Full retirement age (FRA) depends on the year you were born.
However, in order to receive the maximum benefit, you may need to work until age 70.
What is my FRA?
Your full retirement age (FRA) depends on what year you were born. You can start claiming Social Security benefits as early as 62, but not without penalties. You’ll need to wait almost a decade to receive the maximum benefit. Read more about it here.
Find your FRA:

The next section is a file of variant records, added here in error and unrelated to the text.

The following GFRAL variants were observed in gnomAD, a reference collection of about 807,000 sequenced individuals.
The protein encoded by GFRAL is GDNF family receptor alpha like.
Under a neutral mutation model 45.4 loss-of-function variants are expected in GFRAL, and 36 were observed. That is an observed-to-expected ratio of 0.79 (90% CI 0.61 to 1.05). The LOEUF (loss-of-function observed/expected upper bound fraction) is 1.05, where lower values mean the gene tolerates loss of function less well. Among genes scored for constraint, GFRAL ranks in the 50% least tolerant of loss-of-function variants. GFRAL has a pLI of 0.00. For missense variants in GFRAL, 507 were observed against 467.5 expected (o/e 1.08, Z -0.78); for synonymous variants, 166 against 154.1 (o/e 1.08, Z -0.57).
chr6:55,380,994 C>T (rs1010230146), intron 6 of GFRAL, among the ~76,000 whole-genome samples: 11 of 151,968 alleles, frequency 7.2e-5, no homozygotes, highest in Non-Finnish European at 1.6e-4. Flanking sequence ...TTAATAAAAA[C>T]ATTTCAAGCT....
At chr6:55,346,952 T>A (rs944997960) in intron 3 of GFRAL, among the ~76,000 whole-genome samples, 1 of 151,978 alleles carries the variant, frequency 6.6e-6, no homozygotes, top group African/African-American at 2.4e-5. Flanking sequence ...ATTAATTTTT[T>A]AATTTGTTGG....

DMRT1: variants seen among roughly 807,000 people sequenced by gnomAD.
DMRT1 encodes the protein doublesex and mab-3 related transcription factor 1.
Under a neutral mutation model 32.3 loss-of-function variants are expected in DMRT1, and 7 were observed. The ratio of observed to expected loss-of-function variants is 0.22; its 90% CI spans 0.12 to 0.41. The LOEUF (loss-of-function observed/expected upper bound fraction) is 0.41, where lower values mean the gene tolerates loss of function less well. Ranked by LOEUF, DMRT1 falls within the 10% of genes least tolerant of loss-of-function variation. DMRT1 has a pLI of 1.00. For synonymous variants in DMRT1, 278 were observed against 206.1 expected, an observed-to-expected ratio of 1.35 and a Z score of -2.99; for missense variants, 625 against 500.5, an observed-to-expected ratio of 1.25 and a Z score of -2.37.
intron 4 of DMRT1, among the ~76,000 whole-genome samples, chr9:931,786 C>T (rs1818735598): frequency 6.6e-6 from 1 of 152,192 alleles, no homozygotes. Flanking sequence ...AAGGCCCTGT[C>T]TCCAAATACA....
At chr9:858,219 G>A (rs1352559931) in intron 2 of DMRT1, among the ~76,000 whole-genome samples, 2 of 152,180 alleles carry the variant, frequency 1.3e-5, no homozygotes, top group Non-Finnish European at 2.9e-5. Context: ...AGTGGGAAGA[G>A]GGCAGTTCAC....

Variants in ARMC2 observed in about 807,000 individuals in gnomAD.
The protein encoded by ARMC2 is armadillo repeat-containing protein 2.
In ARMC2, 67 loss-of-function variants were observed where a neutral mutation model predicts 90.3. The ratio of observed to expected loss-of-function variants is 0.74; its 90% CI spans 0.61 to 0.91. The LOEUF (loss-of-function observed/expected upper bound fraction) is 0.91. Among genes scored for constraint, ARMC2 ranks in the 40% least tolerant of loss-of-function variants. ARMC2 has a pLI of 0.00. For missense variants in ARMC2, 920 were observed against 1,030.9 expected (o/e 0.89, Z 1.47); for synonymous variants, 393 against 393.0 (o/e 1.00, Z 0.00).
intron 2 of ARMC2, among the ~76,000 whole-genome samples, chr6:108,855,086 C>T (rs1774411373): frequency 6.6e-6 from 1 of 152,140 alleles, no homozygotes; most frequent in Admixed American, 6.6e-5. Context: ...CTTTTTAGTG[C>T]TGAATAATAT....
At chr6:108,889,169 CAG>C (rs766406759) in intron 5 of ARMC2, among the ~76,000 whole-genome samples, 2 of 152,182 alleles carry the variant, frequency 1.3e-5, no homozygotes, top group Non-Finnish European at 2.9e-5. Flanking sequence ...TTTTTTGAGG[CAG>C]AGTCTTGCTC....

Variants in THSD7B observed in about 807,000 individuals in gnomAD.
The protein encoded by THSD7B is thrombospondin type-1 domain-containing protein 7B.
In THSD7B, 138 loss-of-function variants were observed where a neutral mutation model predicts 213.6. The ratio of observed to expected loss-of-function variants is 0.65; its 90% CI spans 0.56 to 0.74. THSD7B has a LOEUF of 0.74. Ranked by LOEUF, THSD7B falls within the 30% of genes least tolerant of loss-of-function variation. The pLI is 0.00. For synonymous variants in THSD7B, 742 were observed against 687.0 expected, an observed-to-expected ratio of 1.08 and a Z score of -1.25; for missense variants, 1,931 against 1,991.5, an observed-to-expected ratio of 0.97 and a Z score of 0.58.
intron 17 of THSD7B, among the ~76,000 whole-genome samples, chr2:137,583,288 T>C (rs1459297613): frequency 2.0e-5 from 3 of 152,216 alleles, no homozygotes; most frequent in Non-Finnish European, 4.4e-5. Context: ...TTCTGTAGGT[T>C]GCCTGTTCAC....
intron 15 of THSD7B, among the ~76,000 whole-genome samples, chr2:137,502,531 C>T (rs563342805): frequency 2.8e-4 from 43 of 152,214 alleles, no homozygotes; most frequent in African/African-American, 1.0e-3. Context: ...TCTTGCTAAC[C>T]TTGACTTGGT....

- 1943-1954: 66
- 1955: 66 and 2 months
- 1956: 66 and 4 months
- 1957: 66 and 6 months
- 1958: 66 and 8 months
- 1959: 66 and 10 months
- 1960 – Current: 67
How much more can I get by waiting?
The earliest you can claim Social Security benefits is 62. However, the most you can get at that age is $2,364. Waiting until 66 would leave you with a benefit of $3,345. The maximum benefit you can claim is after reaching 70, $4,194.
If you decide to work until you are 70, you will get a delayed retirement credit. You can get the delayed credit for each month you stayed working. After you turn 70, you won’t receive any additional credits and you maximum benefit will stay the same.
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